Carpenter, John

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(1948-    ) US film-maker. At USC Film School Carpenter collaborated with writer-actor-director Dan O'Bannon on Dark Star (1974), a student effort expanded successfully into a feature that attracted attention for its Absurdist humour and classical suspense, following the adventures of a Spaceship crewed by near-insane astronauts and dangerously unstable sentient bombs. That calling card enabled Carpenter to make Assault on Precinct 13 (1976), a very accomplished "urban Western", and to sell his (eventually rewritten) script for The Eyes of Laura Mars (1978); this in turn won him an assignment to write and direct Halloween (1978), an enormously influential "stalk and slash" movie which spawned a long-running franchise. Carpenter is usually classed as a Horror director, his supernatural work including The Fog (1980), Christine (1983) from Stephen King's novel, Big Trouble in Little China (1986), and Vampires (1998) from John Steakley's Vampire$ (1990), but – perhaps influenced by Nigel Kneale, who wrote Halloween III: Season of the Witch for Carpenter – he often mixes elaborate sf concepts with Gothic horror.

Carpenter's sf films as a director are: Escape from New York (1981), a cynical futuristic adventure, and its belated sequel Escape from LA (1996); The Thing (1982), a commercially unsuccessful but widely admired remake of the 1951 Hawks production that returns to John W Campbell Jr's Paranoid original story for its creature-clogged theme; Starman (1984), a mellow and impersonal mix of Steven Spielberg's road film The Sugarland Express (1973) with The Man who Fell to Earth (1976), Jeff Bridges starring as a benign Alien visitor; Prince of Darkness (1987), a horror movie cross-breeding quantum physics and demonology, whose credits acknowledge Kneale; They Live (1989), a witty and socially conscious pastiche of 1950s alien-invader motifs from a story by Ray F Nelson; Memoirs of An Invisible Man (1992), from the 1987 novel by H F Saint, a bland comedy thriller in the mould of Starman, distinguished by then state-of-the-art Invisibility effects; In the Mouth of Madness, a horror film somewhat in the manner of H P Lovecraft; a US-set remake of Village of the Damned (1995), the 1960 film of John Wyndham's The Midwich Cuckoos (1957; rev 1958); and the interplanetary Zombie western Ghosts of Mars (2001), since which his only work as a feature director has been the psychiatric horror film The Ward (2009).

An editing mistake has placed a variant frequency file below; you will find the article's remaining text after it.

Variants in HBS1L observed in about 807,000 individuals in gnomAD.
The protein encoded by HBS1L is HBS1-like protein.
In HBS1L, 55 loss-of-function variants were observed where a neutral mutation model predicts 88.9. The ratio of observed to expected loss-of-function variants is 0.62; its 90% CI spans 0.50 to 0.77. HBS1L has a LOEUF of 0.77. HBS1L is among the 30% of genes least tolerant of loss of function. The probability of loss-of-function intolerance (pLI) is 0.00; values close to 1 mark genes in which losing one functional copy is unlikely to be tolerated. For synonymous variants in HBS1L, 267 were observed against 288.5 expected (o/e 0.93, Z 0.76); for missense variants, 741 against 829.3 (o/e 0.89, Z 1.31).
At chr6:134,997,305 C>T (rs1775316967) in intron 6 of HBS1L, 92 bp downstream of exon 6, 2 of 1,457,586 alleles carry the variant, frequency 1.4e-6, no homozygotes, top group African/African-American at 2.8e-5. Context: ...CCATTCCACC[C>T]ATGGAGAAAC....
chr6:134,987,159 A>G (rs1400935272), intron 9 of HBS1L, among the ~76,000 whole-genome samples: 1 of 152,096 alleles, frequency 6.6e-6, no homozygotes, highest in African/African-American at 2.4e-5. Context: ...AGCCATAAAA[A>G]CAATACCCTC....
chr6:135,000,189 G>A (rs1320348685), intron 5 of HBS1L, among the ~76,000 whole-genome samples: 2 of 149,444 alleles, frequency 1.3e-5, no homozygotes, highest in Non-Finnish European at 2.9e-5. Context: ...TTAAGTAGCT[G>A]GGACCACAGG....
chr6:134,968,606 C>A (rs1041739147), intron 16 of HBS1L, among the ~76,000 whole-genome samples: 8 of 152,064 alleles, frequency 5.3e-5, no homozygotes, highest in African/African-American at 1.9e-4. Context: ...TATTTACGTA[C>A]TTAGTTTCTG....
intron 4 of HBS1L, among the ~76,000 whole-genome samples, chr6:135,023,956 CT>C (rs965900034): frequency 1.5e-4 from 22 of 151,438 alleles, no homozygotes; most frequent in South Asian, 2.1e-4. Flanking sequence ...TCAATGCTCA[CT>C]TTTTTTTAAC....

An admirer of Howard Hawks, whose Rio Bravo (1959) he has repeatedly homaged, Carpenter often uses the values of the western as a point of reference and resistance against authoritarian forces, including those of mainstream Hollywood; never very comfortable dancing to studio tunes, he is at his most interesting when freest of interference, and where possible attaches his name to the film title, for territorial as much as branding reasons. Both the quality and the profitability of his work declined after 1990, though Vampires seeded two sequels; but he has done occasional television work, in 1993 directing the first two parts of a three-part television horror anthology miniseries, Body Bags (1993), and he directed an episode each in both seasons of Masters of Horror (2005-2006). As a screenwriter he is also credited with contributions to The Philadelphia Experiment (1984) and Black Moon Rising (1986), both based on scripts he wrote in the 1970s; and he has contributed to the Videogames Sentinel Returns (1998; score only) and F.E.A.R. 3 (2011). A second-generation composer, Carpenter has worked on the scores for most of his films, and his deft, distinctive electronic soundscapes have had considerable influence in horror cinema. [KN/NL]

see also: Cinema; Media Landscape; Monster Movies.

John Carpenter

born Carthage, New York: 16 January 1948

died

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